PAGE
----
As category five tropical cyclone Yasi approached the north Queensland coast on February 3, a political cyclone was already sweeping Egypt. For days, Australian TV news was dominated by these two stories.
Incredibly, in Egypt the main government TV station news failed to report the fact that millions of Egyptians had taken to the streets in a huge February 1 protest against the Hosni Mubarak dictatorship.
Hiding the truth is what you’d expect from an iron-fisted dictatorship that has long sub-contracted its services to the CIA to torture victims of the “war on terror”.
But surely we wouldn’t expect such a whopping elephant in the room to be ignored in a Western democracy like Australia?
As thousands of ordinary Australians struggle to pick up the pieces of their lives in the wake of a season of historic flooding and cyclones, most politicians and the corporate media have barely mentioned the huge elephant in the room — climate change.
As global warming accelerates, so will the frequency and severity of these extreme weather events. This is the overwhelming scientific consensus, and it is now our shared experience.
So what is our society doing about it?
Are we making the urgently needed major investment to transition to renewable energy, a radical shift away from our petrol-based transport and a transition to sustainable agriculture?
Labor and Coalition leaders are trying to suppress the debate we need to have about responding to climate change.
With the help of far-right radio shock-jocks and other conservatives, Australia’s mainstream politicians have even tried to intimidate people from making this obvious connection.
They have said that even talking about climate change is unseemly, a slight to the casualties of these catastrophes that unacceptably “politicises” the disaster.
Meanwhile, these same “mainstream” politicians are loudly squabbling over who is to pay the clean-up bill.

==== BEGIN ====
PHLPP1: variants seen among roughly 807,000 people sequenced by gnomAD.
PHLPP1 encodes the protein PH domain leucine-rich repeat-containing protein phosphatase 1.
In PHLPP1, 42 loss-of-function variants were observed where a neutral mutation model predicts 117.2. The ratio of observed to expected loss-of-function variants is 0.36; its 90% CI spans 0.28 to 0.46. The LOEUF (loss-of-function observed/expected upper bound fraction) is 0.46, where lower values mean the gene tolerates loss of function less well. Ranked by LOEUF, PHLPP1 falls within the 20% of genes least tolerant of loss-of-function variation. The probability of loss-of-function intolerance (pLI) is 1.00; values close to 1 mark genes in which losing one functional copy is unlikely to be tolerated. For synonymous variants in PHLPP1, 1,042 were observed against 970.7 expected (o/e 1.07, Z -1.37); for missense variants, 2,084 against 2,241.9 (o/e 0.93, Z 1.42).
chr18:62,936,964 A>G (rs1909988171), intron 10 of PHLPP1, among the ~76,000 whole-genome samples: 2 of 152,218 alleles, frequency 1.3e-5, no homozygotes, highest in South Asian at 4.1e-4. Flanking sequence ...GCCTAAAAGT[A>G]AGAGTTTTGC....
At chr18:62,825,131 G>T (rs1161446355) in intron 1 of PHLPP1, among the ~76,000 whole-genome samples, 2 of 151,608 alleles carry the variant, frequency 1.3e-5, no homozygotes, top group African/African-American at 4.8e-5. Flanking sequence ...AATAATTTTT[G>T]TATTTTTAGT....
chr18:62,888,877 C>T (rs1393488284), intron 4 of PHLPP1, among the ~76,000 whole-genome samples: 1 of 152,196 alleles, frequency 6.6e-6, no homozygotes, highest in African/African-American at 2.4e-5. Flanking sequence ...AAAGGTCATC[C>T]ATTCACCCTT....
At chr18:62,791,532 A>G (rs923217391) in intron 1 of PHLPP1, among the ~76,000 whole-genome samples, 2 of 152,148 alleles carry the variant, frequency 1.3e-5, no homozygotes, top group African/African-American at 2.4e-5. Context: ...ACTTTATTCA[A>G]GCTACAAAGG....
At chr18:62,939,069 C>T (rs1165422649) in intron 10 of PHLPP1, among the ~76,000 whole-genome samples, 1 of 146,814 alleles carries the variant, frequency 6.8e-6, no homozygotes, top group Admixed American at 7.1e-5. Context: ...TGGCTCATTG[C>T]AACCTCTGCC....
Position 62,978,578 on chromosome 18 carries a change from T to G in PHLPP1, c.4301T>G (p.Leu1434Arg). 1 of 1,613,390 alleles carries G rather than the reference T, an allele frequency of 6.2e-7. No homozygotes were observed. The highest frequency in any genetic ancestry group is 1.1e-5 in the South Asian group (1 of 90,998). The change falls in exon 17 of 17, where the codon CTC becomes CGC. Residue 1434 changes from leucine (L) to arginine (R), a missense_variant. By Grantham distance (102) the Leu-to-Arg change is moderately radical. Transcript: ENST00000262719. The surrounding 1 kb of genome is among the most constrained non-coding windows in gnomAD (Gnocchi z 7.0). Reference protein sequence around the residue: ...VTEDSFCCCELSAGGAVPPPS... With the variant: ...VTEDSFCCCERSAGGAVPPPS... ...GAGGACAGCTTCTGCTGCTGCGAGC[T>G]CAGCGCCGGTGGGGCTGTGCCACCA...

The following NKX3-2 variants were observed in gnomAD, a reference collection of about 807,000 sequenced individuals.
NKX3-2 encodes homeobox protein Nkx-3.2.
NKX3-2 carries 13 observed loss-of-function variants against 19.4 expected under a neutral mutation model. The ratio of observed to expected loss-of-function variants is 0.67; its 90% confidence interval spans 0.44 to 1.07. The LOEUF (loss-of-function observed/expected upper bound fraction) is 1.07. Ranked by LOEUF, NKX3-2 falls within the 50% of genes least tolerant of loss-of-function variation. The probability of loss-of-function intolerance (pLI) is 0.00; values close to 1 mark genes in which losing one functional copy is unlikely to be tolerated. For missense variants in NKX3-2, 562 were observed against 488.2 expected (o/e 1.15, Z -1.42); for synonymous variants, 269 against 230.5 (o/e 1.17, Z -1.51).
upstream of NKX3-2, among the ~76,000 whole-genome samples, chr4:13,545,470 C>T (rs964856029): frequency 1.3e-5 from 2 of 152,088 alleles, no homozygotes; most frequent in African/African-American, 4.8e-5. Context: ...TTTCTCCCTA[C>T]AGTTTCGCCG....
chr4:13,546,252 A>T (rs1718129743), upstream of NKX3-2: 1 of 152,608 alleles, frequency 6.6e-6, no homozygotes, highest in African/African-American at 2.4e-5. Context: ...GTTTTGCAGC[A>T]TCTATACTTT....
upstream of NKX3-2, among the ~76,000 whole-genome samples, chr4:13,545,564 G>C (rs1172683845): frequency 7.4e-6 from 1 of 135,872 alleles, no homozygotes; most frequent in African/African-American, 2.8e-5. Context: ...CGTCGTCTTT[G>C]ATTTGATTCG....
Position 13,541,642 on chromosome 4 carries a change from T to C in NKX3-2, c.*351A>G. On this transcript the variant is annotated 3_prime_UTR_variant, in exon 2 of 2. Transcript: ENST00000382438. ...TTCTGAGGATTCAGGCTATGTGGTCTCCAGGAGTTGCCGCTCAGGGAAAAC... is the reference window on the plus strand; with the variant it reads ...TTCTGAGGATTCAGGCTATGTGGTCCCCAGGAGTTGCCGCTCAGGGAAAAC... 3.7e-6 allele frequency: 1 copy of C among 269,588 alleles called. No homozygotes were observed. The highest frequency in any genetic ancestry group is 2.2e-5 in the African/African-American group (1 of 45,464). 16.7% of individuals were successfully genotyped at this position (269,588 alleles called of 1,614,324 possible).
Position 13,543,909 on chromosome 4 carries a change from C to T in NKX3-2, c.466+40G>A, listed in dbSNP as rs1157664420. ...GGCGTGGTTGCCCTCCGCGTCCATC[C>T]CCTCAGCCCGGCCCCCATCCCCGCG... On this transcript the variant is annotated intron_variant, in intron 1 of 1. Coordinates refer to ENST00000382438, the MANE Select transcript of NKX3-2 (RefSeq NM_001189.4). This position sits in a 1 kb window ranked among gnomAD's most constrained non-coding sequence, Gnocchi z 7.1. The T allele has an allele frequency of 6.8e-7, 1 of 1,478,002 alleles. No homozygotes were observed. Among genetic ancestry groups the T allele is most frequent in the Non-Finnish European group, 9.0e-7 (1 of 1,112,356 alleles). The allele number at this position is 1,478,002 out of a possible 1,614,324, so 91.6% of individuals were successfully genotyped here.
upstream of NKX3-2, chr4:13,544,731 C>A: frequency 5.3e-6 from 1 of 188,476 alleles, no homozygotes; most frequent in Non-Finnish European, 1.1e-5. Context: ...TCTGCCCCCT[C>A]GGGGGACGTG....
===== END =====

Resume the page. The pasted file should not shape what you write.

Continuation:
Prime Minister Julia Gillard’s Labor government even plans to axe some of the few environmentally friendly programs it has to pay for the disaster clean-up.
Returning to Mubarak, it is easy to understand his motive to suppress reports of the giant February 1 protests.
He is defending his own selfish interests. He wants to hang on to power, and the ill-gotten gains that come with it.
In Australia, powerful interests are also trying their hardest to hold back a big shift in the consciousness of the Australian people that should come out of our common experience of the latest extreme weather.
It is in the interests of the giant coal, oil and gas companies (and the banks that have invested in them) to turn our eyes away from it.
Ironically, self-interest did move one corporation to refer to the elephant in the room last week — though the story was relegated to the business pages of most newspapers.
“One of the world’s biggest reinsurance companies [Swiss Re] says Australia has become a riskier place to do business following a string of big natural disasters over the past two years,” said the February 3 Sydney Morning Herald.
Reinsurance companies make money by underwriting insurance companies that want to offset their risks from extraordinary insurance claims.
Major reinsurance companies such as Swiss Re have charted the rising cost of extreme weather events and they have long acknowledged the serious impact of climate change.
The immediate victims of the Queensland-NSW-Victoria floods and Cyclone Yasi have shown great courage and tenacity as they begin to rebuild their lives.
The explosion of human solidarity that came with these disasters has bolstered their efforts. However, we cannot leave it at that.
Unless we address climate change, there will be ever more severe and more frequent extreme weather events.
These latest catastrophes have hardened the resolve of Green Left Weekly to speak up even more loudly in 2011 on the need to seriously address climate change.
You can help us keep pointing out the elephant in the room by making a contribution to our $250,000 Fighting Fund appeal.
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